10 Years Later, Is Pittsburgh Really Climbing Out Of The Red?

A map of Pittsburgh, Pennsylvania with its nei...

A map of Pittsburgh, Pennsylvania with its neighborhoods labeled. For use primarily in the list of Pittsburgh neighborhoods. (Photo credit: Wikipedia)

Ten years and four months ago, then-Mayor Tom Murphy stood before a cadre of media to deliver grim news.

By the time he stepped up to speak, eyes moistened with tears, Pittsburgh city government had been sputtering along like an airplane held together by duct tape, according to a former finance director. But now the plane was about to take a nose dive — with the possibility of bankruptcy hovering.

“I hate doing this,” Mr. Murphy told the reporters.

He announced plans to lay off 731 city workers — including police officers — and leave hundreds more positions unfilled. All but six city pools would be drained and closed early — along with 19 recreation centers that were, in many places, critical gathering spots for sports and community events. Later that year, the city’s credit rating would be downgraded, making it the only major American city whose debt was rated “junk.” A fifth of the city’s budget went to pay off old debt.

Read more: http://www.post-gazette.com/local/city/2013/12/29/10-years-later-is-Pittsburgh-really-climbing-out-of-the-red/stories/201312290057#ixzz2or2K9BKS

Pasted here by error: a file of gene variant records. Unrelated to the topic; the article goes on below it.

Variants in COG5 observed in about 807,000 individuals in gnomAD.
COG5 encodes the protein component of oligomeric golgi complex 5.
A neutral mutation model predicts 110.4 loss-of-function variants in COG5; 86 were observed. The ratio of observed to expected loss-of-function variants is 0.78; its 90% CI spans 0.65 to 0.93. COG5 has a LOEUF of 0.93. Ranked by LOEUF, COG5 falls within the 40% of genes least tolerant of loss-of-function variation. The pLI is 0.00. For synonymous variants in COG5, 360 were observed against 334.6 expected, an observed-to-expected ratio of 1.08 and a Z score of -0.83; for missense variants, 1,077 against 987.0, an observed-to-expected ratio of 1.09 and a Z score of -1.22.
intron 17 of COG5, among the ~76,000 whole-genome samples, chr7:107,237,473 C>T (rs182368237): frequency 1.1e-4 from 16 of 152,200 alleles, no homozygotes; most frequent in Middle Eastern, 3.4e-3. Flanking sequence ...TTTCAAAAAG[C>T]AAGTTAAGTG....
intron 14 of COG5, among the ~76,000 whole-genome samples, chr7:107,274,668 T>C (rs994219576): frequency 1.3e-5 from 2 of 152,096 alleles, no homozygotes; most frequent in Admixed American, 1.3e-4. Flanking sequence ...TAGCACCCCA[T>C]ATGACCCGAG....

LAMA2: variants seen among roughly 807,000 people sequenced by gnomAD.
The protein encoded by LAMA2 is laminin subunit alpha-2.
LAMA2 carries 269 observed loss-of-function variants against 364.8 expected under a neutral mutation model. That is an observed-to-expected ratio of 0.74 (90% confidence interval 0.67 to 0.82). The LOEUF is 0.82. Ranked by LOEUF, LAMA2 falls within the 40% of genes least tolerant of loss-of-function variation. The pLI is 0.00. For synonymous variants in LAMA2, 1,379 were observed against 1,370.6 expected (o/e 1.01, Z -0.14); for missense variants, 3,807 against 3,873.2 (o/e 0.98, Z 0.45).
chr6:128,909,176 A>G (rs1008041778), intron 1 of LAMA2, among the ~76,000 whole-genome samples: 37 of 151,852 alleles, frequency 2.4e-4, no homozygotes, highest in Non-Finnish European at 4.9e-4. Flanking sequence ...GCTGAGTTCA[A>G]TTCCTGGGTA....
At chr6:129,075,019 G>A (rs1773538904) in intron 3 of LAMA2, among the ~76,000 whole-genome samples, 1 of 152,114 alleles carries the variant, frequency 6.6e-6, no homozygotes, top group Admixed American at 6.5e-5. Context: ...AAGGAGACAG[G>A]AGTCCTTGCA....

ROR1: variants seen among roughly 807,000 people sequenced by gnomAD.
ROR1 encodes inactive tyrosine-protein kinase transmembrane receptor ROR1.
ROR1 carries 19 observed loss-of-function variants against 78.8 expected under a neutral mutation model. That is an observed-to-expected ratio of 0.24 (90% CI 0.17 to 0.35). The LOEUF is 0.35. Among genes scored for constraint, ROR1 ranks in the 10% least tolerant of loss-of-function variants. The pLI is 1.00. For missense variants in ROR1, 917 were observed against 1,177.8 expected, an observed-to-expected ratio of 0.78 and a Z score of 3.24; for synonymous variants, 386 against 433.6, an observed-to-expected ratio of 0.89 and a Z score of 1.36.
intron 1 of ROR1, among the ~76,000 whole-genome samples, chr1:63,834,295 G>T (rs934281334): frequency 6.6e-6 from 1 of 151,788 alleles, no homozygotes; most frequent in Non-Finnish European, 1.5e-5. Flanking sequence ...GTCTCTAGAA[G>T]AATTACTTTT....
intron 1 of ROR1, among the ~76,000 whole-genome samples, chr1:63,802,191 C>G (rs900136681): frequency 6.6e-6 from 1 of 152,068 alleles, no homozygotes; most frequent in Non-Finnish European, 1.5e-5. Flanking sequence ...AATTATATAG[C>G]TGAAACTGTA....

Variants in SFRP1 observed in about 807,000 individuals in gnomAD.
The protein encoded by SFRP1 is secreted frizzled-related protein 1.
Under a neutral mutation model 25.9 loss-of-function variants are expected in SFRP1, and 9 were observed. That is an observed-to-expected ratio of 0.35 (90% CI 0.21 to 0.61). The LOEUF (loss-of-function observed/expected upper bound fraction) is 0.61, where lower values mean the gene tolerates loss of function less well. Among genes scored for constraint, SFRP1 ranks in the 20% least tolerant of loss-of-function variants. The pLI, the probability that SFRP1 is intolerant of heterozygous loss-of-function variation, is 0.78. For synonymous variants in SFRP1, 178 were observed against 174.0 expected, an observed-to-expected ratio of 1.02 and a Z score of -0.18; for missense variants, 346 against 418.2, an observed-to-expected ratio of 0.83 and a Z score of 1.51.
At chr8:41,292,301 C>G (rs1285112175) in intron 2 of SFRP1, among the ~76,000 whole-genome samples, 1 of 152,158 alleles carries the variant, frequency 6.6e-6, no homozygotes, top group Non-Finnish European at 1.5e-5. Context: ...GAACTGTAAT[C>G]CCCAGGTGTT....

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Standard & Poor’s Increases Pittsburgh’s Credit Rating To A

A map of Pittsburgh, Pennsylvania with its nei...

A map of Pittsburgh, Pennsylvania with its neighborhoods labeled. For use primarily in the list of Pittsburgh neighborhoods. (Photo credit: Wikipedia)

The credit rating agency Standard & Poor’s has bumped up Pittsburgh’s credit rating three notches to A, a move that could save the city money on future borrowing by improving the city’s credit profile.

The agency cited a number of factors in moving the city’s credit rating up from BBB.  First, it said the city’s resilient economy and “deep and diverse economic base” which allowed the city to fare relatively well during the economic downturn.  It also cited the presence of two state-appointed oversight boards that have kept close tabs on the city’s budget since the state of Pennsylvania declared it financially distressed nearly a decade ago.

S&P analyst Andrew Teras also cited the city’s debt management, increase in reserves and ability to manage long-term liabilities, like pensions.

Read more: http://www.post-gazette.com/stories/business/news/standard-poors-increases-pittsburghs-credit-rating-to-a-693510/#ixzz2XX5qOifp